What demands our attention as to the text's ultimate universalism is the conscious echoing of the phraseology and the similarity in language between the number of Sarah's years (127) and the number of lands under the Persian Empire(127). Incredibly, in each case it follows the unusual step of placing a conjunctive link ("and") between each of the numbers comprising the ultimate tally. It does not read as "one hundred twenty seven," but rather somewhat awkwardly as "one hundred years and twenty years and seven years (Gen23:1)."
But what is even more fascinating is the reversal in the *order* of the numbers. The Megillah reverses the order of the Genesis narrative, reading now as "seven and twenty and a hundred lands (Esther 1:1)," much as the sin order and blame/responsibility order are reversed (snake to Adam/Adam to snake).
Sarai, upon her name change to Sarah, is told by G*d that she will be the mother of "entire nations" (Gen17:15,16). While she is particularly and immediately the mother of the*Hebrew* nation, she will ultimately be the mother of entire (read "many") nations (as Chava/Eve is the "mother of life" (Gen 3:20)). The birth of the Nation of Israel points to the ultimate redemption of humanity through the rediscovery of the ethical monotheistic imperative.
The Purim narrative functions as a paradigm for mankind's struggle with evil. Ironically the story occurs in Persia, the seat of Zoroastrian faith,which teaches of the dualistic forces of light and darkness in the world. But the Jewish reading of history is a sense of the ultimate conquest of good over evil. Indeed, evil is ultimately subservient to good, as both are sourced in the Source of all goodness.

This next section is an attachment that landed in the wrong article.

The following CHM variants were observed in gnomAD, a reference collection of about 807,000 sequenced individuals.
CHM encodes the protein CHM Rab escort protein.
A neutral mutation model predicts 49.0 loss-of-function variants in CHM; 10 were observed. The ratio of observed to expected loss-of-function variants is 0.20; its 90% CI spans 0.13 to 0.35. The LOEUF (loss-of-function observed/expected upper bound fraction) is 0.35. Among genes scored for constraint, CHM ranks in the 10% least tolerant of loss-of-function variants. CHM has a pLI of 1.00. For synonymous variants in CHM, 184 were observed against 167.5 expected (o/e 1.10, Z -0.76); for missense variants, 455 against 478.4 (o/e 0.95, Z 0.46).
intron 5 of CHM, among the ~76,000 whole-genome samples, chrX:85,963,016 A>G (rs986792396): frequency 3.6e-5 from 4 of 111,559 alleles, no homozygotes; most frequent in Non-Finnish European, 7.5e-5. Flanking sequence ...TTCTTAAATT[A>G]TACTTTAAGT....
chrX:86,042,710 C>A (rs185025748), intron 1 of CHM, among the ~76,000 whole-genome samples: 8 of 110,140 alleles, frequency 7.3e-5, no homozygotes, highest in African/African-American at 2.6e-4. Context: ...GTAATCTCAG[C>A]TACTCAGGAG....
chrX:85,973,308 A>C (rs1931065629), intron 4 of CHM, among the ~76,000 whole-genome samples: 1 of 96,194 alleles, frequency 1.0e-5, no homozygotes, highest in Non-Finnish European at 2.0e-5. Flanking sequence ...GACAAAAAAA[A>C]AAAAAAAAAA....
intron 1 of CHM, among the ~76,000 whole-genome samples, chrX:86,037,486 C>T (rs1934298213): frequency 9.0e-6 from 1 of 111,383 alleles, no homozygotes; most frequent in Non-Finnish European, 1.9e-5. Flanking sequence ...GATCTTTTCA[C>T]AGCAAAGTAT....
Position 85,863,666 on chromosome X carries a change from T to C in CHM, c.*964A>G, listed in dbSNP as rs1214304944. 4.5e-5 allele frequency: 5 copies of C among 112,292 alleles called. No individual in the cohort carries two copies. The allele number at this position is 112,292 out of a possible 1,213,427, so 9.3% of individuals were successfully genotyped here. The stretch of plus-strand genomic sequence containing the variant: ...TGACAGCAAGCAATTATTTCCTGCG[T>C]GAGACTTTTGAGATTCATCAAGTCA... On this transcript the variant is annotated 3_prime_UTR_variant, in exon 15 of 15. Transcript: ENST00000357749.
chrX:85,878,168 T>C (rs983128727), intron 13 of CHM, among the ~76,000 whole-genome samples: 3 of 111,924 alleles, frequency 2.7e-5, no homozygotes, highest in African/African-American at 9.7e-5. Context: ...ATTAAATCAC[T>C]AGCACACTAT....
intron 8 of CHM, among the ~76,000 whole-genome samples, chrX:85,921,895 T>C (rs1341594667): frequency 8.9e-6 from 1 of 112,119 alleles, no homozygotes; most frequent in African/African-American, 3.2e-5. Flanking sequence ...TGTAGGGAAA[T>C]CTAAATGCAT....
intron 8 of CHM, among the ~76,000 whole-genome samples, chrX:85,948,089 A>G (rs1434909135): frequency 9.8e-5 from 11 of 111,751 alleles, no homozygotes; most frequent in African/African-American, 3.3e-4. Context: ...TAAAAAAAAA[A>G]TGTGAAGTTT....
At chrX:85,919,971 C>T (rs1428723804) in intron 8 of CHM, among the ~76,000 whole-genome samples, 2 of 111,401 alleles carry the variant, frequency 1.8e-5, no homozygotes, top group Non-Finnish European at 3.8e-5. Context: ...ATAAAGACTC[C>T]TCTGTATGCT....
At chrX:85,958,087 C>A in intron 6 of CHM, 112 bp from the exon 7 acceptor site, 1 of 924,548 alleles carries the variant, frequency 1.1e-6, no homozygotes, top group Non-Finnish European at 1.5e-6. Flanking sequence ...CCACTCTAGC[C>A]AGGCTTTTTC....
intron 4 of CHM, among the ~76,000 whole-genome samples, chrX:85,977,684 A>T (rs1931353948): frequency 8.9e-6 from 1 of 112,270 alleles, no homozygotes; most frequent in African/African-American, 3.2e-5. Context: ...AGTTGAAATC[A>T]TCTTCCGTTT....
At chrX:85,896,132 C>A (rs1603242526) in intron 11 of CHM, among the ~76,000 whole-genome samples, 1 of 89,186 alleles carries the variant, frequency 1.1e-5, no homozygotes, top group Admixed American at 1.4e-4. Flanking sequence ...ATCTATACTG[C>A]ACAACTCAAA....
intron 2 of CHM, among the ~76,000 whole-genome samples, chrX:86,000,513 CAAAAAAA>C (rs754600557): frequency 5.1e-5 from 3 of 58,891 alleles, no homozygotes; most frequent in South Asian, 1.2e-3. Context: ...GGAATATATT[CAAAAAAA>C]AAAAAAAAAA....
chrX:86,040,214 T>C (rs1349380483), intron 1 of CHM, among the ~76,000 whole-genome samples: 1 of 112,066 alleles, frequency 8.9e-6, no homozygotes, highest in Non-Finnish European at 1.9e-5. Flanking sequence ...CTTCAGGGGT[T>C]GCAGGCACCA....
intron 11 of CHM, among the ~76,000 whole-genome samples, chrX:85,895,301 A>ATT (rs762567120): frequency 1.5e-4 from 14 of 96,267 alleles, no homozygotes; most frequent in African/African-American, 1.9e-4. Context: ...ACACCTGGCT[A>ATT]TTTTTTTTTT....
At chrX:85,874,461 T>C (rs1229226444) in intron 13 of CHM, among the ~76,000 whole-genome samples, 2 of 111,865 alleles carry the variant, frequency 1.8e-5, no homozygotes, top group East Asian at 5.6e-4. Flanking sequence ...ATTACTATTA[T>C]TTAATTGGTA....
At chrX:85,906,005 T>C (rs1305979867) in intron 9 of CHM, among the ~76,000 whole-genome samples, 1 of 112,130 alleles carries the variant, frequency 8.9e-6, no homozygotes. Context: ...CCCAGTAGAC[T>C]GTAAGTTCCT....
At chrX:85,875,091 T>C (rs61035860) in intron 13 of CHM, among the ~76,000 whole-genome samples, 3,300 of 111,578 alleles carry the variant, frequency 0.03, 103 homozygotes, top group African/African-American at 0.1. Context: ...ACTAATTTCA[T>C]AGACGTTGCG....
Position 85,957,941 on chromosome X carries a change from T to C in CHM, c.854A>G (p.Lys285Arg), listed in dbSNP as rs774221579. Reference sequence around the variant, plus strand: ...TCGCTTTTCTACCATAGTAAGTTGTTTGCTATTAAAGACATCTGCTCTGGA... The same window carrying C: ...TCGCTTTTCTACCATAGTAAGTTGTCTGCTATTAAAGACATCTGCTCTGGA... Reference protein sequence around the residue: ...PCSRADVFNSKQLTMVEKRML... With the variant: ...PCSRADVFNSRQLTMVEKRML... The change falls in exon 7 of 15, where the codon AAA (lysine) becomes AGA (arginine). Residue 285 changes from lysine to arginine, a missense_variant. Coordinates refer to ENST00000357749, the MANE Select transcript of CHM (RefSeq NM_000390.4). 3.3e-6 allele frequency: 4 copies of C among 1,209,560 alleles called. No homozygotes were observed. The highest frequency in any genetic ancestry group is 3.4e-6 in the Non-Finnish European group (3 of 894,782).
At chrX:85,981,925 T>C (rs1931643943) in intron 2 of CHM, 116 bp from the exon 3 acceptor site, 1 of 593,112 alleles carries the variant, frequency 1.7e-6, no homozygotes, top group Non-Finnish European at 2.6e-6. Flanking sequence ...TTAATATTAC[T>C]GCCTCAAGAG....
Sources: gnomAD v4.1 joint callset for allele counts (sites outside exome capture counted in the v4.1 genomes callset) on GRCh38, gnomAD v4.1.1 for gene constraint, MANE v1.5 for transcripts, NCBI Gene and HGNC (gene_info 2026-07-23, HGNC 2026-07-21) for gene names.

Moreover, the Purim story is a blueprint not only for the Jews' redemption, but for all humanity who align themselves with goodness. Its message is one of responsibility for one's own salvation. Inaction in the face of evil is the guarantee for evil to flourish. Perish or flourish. The choice is ours.
The Edenic paradigm for mankind's return and redemption must be seen as the backdrop by which to make sense of the Purim story as well as current events. As the masks fall off, G*d's hidden presence is revealed. Ideologies and belief systems which deny the notion of a G*d who demands personal responsibility take on an aura of untenability.
From out of a sense of volition we learn to take responsibility in life to repair the earth and the hearts of its inhabitants. To wait for others or to postpone action is the recipe for continued exile or worse. Yet the opposite holds forth the promise of a renewed encounter with that other tree in the Garden- the Tree of Life.
© 2000 - 2008 by Rabbi Baruch Binyamin Hakohen Melman
These words of Torah are written in the merit of my beloved father, Israel J. Melman, obm, Yisrael Yehoshua ben Harav Ya'aqov Hakohen Melman, z"l